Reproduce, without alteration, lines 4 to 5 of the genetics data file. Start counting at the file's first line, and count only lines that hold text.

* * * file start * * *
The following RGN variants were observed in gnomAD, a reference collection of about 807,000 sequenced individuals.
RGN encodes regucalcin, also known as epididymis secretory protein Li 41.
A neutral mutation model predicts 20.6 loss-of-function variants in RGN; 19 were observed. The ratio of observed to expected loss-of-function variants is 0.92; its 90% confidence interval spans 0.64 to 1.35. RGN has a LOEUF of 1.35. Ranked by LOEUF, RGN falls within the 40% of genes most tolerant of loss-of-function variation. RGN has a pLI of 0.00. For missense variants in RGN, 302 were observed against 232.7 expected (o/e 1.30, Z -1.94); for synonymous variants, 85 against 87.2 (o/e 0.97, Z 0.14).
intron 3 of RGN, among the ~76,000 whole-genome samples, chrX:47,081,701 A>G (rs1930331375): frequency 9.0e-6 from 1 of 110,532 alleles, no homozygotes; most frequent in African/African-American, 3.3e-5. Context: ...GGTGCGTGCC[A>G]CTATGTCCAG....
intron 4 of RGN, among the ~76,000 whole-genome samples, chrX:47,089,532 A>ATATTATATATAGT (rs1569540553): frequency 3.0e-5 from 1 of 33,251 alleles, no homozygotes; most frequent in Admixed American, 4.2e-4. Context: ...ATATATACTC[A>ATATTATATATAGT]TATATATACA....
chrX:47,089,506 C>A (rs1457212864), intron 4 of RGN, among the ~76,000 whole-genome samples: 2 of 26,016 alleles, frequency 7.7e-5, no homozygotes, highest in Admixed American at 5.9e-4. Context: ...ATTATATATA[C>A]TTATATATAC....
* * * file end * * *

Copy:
intron 3 of RGN, among the ~76,000 whole-genome samples, chrX:47,081,701 A>G (rs1930331375): frequency 9.0e-6 from 1 of 110,532 alleles, no homozygotes; most frequent in African/African-American, 3.3e-5. Context: ...GGTGCGTGCC[A>G]CTATGTCCAG....
intron 4 of RGN, among the ~76,000 whole-genome samples, chrX:47,089,532 A>ATATTATATATAGT (rs1569540553): frequency 3.0e-5 from 1 of 33,251 alleles, no homozygotes; most frequent in Admixed American, 4.2e-4. Context: ...ATATATACTC[A>ATATTATATATAGT]TATATATACA....